Chief Election Commissioner Sushil Chandra has said that the Election Commission is ready to hold simultaneous elections or ‘One Nation, One Election’.
One Nation One Election
- “One Nation One Election” (ONOE) or “Simultaneous Elections” has been a topic of discussion among policymakers since the inception of India’s democratic process after independence.
- It has been seen as an essential tool to prevent the impact of the Model Code of Conduct (MCC) on development works.
- It has also been envisaged as a tool to cut down the election expenditure at different levels.
- Law Commission of India in its draft report in 2018 has discussed possibilities and challenges of simultaneous elections in India.
- This idea was proposed by Election Commission in 1983. It was also referred by the Law Commission and NITI Aayog.
- ONOE means structuring the Indian election cycle in a manner that elections to Lok Sabha and State Assemblies are synchronized together under which voters in a particular constituency vote for both on the same day.
- It does not mean that voting across the country for Lok Sabha and State Assemblies happens on a single day. It can be conducted in a phase-wise manner and voters in a particular constituency vote for both State Assembly and Lok Sabha the same day.
Birth of the Idea: A backgrounder
- Simultaneous elections are not new to India. They were the norm until 1967.
- But following dissolution of some Legislative Assemblies in 1968 and 1969 and that of the Lok Sabha in December 1970, elections to State Assemblies and Parliament have been held separately.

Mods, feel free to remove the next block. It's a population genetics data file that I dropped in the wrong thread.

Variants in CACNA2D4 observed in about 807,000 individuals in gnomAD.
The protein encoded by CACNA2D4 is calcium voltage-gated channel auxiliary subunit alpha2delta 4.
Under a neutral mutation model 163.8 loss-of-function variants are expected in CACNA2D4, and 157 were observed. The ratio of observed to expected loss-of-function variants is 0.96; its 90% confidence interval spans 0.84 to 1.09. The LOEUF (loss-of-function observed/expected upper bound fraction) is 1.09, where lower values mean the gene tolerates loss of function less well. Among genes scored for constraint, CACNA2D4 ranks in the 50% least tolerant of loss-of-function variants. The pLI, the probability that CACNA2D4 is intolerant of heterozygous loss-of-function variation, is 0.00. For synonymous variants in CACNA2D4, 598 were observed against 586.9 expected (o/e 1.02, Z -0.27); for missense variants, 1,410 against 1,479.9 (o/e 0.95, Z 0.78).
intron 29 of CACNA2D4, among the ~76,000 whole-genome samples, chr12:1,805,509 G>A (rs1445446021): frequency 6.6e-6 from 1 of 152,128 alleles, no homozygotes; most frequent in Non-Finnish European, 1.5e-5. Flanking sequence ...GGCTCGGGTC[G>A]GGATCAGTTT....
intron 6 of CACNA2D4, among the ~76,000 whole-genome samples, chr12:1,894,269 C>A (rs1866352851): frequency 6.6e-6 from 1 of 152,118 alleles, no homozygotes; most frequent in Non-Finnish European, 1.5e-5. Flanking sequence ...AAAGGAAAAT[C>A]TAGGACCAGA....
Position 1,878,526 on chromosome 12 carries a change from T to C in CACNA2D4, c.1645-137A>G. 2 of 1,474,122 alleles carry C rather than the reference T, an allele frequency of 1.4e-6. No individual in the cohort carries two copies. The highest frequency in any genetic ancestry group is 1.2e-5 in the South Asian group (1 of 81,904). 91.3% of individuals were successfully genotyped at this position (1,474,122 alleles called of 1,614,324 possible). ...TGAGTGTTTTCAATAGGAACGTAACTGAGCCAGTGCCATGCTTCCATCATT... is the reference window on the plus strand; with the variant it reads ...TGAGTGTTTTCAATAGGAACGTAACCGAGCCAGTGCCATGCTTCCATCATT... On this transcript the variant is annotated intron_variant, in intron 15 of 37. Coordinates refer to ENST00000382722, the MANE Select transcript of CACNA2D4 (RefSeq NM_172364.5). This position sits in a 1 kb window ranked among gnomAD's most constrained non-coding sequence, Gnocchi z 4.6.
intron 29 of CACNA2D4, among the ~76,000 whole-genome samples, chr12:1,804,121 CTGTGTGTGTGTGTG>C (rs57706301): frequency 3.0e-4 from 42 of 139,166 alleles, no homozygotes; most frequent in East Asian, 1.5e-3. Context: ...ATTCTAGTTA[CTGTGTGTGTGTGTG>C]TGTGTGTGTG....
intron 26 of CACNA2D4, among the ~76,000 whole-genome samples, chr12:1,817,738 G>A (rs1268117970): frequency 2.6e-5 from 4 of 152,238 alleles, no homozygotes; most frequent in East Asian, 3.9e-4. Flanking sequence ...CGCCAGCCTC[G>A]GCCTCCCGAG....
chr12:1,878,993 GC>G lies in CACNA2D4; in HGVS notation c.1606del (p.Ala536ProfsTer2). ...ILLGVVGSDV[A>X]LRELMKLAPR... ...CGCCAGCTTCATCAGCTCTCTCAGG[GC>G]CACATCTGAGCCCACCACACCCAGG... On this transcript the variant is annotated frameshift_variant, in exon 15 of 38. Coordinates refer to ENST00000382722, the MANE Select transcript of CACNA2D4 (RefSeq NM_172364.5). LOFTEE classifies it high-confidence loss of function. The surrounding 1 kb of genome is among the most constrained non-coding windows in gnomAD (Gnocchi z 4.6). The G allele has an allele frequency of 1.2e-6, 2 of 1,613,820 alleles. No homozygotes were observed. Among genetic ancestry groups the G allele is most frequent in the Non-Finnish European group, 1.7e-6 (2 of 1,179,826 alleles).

- The idea of reverting to simultaneous polls was mooted in the annual report of the Election Commission in 1983.
- The Law Commission’s Report also referred to it in 1999.
- After PM floated the idea once again in 2016, the NITI Aayog prepared a working paper on the subject in January 2017.
What are the proposals under it?
There were two proposals to conduct elections synchronization in two batches.
- One proposal was to make the shift to simultaneous polls in a phased manner, where general elections, of few States and UT may be synchronised in 2019.
- For such a synchronization to happen, besides political consensus and extension of term up to six months in some states, amendments to the Constitution have to be made.
- Elections to the remaining States and UTs with will be synchronised by the end of 2021.
- Thereafter, elections to the Lok Sabha, all the State Legislative Assemblies and Union Territories (with legislatures) will be held simultaneously from 2024.
Need for Synchronizing the Elections:
- The idea of “One Nation, One Election” is a very good idea. In the larger public interest, it will be very useful. However, there may be certain constitutional impediments.